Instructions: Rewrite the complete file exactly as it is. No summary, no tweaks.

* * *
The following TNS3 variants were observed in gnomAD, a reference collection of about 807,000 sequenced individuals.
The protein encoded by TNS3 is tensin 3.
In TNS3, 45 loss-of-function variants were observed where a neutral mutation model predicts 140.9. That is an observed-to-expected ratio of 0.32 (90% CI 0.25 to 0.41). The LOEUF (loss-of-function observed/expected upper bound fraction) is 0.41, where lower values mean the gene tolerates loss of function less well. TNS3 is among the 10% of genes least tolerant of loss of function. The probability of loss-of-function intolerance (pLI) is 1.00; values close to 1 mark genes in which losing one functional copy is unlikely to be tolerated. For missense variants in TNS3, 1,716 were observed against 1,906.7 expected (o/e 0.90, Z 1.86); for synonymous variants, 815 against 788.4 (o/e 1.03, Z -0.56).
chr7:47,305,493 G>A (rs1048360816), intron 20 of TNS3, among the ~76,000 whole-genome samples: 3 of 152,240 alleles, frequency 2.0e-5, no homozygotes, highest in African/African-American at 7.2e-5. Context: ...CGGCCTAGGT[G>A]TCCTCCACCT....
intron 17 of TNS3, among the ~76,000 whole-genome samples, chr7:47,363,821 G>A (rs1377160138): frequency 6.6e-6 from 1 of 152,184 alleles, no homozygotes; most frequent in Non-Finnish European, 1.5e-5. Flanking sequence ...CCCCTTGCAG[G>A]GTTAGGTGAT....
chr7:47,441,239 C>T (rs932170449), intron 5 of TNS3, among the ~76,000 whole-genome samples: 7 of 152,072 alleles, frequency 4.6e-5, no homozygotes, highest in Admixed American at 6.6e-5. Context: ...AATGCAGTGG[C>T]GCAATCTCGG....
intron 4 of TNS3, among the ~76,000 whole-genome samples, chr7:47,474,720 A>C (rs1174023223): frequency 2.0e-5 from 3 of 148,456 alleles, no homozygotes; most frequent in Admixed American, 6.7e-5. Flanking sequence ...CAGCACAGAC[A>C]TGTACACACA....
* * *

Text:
The following TNS3 variants were observed in gnomAD, a reference collection of about 807,000 sequenced individuals.
The protein encoded by TNS3 is tensin 3.
In TNS3, 45 loss-of-function variants were observed where a neutral mutation model predicts 140.9. That is an observed-to-expected ratio of 0.32 (90% CI 0.25 to 0.41). The LOEUF (loss-of-function observed/expected upper bound fraction) is 0.41, where lower values mean the gene tolerates loss of function less well. TNS3 is among the 10% of genes least tolerant of loss of function. The probability of loss-of-function intolerance (pLI) is 1.00; values close to 1 mark genes in which losing one functional copy is unlikely to be tolerated. For missense variants in TNS3, 1,716 were observed against 1,906.7 expected (o/e 0.90, Z 1.86); for synonymous variants, 815 against 788.4 (o/e 1.03, Z -0.56).
chr7:47,305,493 G>A (rs1048360816), intron 20 of TNS3, among the ~76,000 whole-genome samples: 3 of 152,240 alleles, frequency 2.0e-5, no homozygotes, highest in African/African-American at 7.2e-5. Context: ...CGGCCTAGGT[G>A]TCCTCCACCT....
intron 17 of TNS3, among the ~76,000 whole-genome samples, chr7:47,363,821 G>A (rs1377160138): frequency 6.6e-6 from 1 of 152,184 alleles, no homozygotes; most frequent in Non-Finnish European, 1.5e-5. Flanking sequence ...CCCCTTGCAG[G>A]GTTAGGTGAT....
chr7:47,441,239 C>T (rs932170449), intron 5 of TNS3, among the ~76,000 whole-genome samples: 7 of 152,072 alleles, frequency 4.6e-5, no homozygotes, highest in Admixed American at 6.6e-5. Context: ...AATGCAGTGG[C>T]GCAATCTCGG....
intron 4 of TNS3, among the ~76,000 whole-genome samples, chr7:47,474,720 A>C (rs1174023223): frequency 2.0e-5 from 3 of 148,456 alleles, no homozygotes; most frequent in Admixed American, 6.7e-5. Flanking sequence ...CAGCACAGAC[A>C]TGTACACACA....